12 12 Anaphylaxis: What should I do? Symptoms of anaphylaxis can be as simple as tingling of the lips or as severe as cardiac arrest. When in doubt, administer epinephrine If a person says they are having a reaction it is important to believe them, and immediately administer epinephrine regardless of the symptoms present

13 13 What is a Single Dose, Epinephrine Auto-injector? A single dose auto-injector is an easy way to give epinephrine/adrenaline to someone having an allergic reaction E.g. EpiPen ®, Twinject ®

14 What is in an EpiPen®? Single dose of epinephrine Source: Easy-to-read instructions Easy-grip body Built-in needle protection Labeled orange needle cover contrasts with blue safety release for easy orientation* **Old style: may still see in schools 14

15 15 Using the EpiPen® Auto-Injector (Old Style) 1.Remove the device from the plastic protective container GREY cap 2.Remove the GREY cap from device 3.Press BLACK tip to thigh until a loud “click” is heard 4.Hold in place for seconds

16 16 Using the EpiPen® Auto-Injector (Old Style) 5.Remove the pen from the thigh 6.The needle can now be seen, place auto- injector back in protective case 7.Apply pressure to injection site with a tissue or bandage if there is bleeding 8.Follow Standard Precautions for your safety (e.g. wear gloves, be careful when handling exposed auto-injector needle)

17 17

18 18 What is Twinject®? Contains two doses of epinephrine in a single device First dose of epinephrine is administered by auto- injection, just like the EpiPen®.

19 19 Using the Twinject® Auto-Injector 1.Pull off GREEN end cap labeled “1” 2.Pull off GREEN end cap labeled “2” 3.Press RED cap into outer thigh until unit activates

20 20 Using the Twinject® Auto-Injector 4.Hold Twinject® in place for 10 seconds 5.Apply pressure to injection site with a tissue or bandage if there is bleeding 6.Follow Standard Precautions for your safety (e.g. wear gloves, be careful when handling exposed auto-injector needle) **Remember, staff are not recommended to give dose two (manual IM injection of epinephrine)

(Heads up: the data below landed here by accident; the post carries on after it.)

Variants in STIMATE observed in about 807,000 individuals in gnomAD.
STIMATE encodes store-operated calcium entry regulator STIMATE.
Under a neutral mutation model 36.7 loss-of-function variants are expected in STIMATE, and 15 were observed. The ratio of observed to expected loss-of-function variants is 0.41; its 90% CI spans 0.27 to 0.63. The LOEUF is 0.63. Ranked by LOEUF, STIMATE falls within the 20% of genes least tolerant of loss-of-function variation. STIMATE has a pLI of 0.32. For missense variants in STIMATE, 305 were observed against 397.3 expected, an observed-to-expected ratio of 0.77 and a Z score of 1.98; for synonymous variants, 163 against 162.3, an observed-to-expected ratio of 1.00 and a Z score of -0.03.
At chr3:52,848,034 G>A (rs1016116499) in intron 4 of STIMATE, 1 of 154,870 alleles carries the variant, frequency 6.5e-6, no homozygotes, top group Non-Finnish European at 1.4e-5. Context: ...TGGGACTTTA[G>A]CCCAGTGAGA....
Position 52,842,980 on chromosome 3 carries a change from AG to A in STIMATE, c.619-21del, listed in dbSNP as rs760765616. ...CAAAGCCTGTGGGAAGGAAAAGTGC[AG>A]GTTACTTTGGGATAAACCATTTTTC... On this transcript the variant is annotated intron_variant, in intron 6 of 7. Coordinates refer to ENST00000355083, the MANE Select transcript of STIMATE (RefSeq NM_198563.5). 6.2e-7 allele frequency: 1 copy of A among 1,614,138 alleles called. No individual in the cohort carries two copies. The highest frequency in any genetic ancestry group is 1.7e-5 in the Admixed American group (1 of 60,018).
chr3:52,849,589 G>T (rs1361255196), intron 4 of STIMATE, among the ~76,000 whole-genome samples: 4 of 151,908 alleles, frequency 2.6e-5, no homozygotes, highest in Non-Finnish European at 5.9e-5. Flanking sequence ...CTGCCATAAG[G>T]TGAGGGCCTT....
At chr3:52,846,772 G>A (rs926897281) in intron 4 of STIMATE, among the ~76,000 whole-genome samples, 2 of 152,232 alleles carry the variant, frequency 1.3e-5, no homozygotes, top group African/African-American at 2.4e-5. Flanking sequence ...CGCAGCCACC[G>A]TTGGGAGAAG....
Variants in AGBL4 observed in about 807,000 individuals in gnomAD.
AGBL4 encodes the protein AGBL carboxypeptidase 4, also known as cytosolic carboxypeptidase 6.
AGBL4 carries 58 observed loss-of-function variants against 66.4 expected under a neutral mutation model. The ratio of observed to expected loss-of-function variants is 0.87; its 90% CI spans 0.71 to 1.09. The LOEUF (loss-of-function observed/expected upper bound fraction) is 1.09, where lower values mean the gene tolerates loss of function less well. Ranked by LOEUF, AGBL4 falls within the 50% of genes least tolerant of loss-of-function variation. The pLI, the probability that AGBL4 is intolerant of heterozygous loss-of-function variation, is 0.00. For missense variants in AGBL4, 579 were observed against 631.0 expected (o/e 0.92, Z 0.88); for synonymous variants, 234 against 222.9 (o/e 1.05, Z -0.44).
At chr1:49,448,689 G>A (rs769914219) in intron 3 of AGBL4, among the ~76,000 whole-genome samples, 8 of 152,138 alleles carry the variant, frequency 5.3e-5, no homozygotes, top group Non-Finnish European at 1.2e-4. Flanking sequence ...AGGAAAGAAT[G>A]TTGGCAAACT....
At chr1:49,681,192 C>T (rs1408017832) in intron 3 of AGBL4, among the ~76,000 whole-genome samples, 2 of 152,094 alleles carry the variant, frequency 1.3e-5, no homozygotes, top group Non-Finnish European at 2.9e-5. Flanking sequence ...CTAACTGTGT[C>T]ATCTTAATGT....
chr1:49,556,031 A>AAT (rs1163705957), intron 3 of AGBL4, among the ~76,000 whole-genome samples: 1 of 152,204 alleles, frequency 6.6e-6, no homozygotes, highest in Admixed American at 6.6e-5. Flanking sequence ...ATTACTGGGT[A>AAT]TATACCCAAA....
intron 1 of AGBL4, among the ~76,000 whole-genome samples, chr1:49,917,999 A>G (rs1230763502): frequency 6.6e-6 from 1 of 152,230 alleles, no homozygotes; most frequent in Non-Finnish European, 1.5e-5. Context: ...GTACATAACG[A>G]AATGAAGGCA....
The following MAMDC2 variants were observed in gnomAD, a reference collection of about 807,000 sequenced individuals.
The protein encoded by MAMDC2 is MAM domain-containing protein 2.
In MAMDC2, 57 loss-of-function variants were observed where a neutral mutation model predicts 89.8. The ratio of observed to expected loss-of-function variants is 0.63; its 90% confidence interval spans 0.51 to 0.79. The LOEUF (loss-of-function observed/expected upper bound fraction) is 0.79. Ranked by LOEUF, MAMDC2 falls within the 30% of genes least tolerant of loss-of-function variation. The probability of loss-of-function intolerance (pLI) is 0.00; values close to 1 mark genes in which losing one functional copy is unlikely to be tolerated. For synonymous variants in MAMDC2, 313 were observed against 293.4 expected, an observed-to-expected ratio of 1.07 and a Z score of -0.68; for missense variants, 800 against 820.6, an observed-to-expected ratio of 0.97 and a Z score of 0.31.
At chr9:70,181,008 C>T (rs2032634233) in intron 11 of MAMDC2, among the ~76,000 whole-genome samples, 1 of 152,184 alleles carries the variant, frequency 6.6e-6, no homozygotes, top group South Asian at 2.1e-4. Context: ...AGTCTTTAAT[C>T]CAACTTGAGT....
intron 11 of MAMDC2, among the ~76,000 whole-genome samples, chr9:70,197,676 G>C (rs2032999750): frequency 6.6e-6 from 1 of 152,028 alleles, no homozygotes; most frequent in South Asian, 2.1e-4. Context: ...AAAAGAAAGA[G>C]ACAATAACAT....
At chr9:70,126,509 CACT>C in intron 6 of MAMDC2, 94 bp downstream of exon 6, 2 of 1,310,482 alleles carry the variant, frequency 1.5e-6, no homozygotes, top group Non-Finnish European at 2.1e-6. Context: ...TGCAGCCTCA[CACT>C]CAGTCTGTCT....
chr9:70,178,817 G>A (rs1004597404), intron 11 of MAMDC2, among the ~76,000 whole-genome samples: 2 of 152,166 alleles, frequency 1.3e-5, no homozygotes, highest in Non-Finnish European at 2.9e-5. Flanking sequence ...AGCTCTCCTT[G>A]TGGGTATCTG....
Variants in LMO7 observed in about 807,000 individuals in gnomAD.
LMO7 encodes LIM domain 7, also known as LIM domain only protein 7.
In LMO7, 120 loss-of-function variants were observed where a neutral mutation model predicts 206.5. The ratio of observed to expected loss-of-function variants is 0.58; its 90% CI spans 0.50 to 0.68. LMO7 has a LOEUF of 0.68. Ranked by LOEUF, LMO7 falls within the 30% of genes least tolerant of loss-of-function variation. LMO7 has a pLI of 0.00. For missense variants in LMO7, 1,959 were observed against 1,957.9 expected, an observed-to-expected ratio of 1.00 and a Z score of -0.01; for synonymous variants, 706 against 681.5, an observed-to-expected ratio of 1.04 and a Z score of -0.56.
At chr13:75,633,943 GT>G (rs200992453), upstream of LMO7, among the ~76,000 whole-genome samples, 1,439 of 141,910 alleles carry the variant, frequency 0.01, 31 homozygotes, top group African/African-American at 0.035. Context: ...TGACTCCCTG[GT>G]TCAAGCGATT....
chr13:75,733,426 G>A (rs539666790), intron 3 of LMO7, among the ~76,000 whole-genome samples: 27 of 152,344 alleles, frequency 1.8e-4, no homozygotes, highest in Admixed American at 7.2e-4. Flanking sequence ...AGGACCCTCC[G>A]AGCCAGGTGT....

21 21 What to do after giving a single dose auto-injector? Have student lie still on his or her back with feet higher than the head Loosen tight clothing and cover student with blanket If there is vomiting, turn student on side to prevent choking Don’t give anything to drink Send auto-injector with student to hospital

22 22 Conclusion: Follow the three A’s Awareness –Know the triggers –Know the emergency plan and how to administer epinephrine via the single dose auto-injector Avoidance –Avoid contact with allergens, make classrooms safe Action –Give single dose auto-injector and call 911. –Don’t delay!

23 23 Resources For more information contact your Public Health Nurse (Allergy/Asthma Information Assoc.) (Anaphylaxis Canada) (EpiPen®) (Twinject®)

24 24 References AAIA Anaphylaxis Reference Kit (2007) by the Allergy and Asthma Information Association, Health Canada Anaphylaxis in Schools & Other Settings (Second Edition, 2009) by the Canadian Society of Allergy and Clinical Immunology.

25 25 Any Questions?